The season is over. The riders and teams bring the curtain down; ready to start over with a clean slate as they await another season full of renewed illusions and new material. The used motorcycles are left aside. Of course, this can be afforded by the wealthiest because there is a lot of private training in the lower categories that often recycles and adapts the bikes from one season to the next. Everyone would like a new motorcycle every year, but that's not always possible. In MotoGP, it’s different because it is a category subject to constant renewal. What is the destination of MotoGP motorcycles once a championship ends?
In the past, the official material from the previous season was usually recycled, sold, or leased to private teams. Many other times, the motorcycles that weren’t going to be used anymore became show models in motorcycle expos, which sometimes gave rise to a certain guile.
The most notable case was the one of a Honda RC166 unit, the six-cylinder 250cc with which Mike Haliwood was 250cc champion in 1966 and 1967. In February 1968, Honda announced its withdrawal from Grand Prix racing and offered Haliwood a substantial contract to also leave World Championship racing, while also offering him various units of his champion motorcycles to compete in international events, with which he earned significant profits. But in 1969, those prodigious machines ended up tossed aside. Or at least, that's what they thought in Japan...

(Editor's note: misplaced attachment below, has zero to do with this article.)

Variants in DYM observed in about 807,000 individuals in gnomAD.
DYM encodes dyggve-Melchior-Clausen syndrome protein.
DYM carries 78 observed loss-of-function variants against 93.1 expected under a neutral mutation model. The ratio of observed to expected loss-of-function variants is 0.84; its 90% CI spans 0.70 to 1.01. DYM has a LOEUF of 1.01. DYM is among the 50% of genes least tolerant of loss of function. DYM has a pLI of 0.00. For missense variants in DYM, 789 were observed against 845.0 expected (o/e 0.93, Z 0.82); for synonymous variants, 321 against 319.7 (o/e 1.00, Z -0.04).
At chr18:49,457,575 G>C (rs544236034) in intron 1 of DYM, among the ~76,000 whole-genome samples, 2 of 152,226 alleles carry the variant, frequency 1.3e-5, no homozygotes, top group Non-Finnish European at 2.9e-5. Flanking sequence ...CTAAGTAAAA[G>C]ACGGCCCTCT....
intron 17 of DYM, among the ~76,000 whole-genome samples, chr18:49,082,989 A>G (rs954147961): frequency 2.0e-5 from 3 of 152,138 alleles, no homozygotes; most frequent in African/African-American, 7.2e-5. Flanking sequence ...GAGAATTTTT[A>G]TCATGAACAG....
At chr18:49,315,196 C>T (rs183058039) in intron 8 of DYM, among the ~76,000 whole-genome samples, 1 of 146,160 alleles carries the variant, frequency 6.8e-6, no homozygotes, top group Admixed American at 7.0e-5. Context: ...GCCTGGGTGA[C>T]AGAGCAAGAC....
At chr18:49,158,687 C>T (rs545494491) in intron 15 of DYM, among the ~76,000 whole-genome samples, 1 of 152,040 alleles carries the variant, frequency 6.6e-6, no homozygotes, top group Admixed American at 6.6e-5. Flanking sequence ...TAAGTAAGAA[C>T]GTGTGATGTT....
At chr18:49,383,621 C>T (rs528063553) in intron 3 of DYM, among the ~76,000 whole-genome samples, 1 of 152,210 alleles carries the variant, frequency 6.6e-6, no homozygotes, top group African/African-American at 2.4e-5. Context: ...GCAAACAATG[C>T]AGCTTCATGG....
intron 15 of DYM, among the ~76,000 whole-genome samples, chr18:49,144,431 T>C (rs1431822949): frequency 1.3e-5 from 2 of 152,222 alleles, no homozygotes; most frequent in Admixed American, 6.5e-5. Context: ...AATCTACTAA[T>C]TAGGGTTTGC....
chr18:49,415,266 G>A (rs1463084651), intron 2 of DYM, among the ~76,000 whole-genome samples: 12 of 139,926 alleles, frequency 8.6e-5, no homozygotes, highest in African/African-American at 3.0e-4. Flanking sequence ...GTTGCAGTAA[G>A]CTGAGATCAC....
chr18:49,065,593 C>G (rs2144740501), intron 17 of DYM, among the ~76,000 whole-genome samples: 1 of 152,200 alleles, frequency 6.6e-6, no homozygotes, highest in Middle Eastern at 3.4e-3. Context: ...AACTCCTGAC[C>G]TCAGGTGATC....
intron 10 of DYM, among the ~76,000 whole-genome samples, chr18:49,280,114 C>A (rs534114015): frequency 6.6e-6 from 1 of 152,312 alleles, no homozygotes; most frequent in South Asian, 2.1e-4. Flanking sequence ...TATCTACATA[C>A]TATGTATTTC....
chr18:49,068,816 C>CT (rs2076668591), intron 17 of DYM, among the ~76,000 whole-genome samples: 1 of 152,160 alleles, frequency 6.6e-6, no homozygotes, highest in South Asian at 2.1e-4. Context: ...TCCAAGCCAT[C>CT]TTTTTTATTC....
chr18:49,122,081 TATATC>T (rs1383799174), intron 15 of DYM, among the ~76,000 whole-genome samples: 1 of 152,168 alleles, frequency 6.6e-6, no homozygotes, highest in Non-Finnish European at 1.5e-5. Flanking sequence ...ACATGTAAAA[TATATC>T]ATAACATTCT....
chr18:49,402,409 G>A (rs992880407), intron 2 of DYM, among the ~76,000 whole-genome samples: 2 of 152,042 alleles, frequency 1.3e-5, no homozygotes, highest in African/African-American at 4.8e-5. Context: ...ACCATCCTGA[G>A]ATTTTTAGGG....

One model ended up with Honda Germany as a show bike for European motorcycle expos. Then, without anyone knowing very well how, that six-cylinder 250cc appeared in the 1969 German Grand Prix trainings in Hockenheim, driven by Gerhardt Heukerott, an unknown, independent German rider, who managed to persuade those responsible at Honda Germany to give him the bike.
The adventure ended badly because such a sophisticated motorcycle needed delicate maintenance and ended up suffering a malfunction that didn't allow it to start the race. Afterwards it was lost track of, like so many motorcycles from the time. Some can be seen at the Twin Ring Motegi Honda Collection Hall; others have ended up in the hands of collectors.
Auctions and collections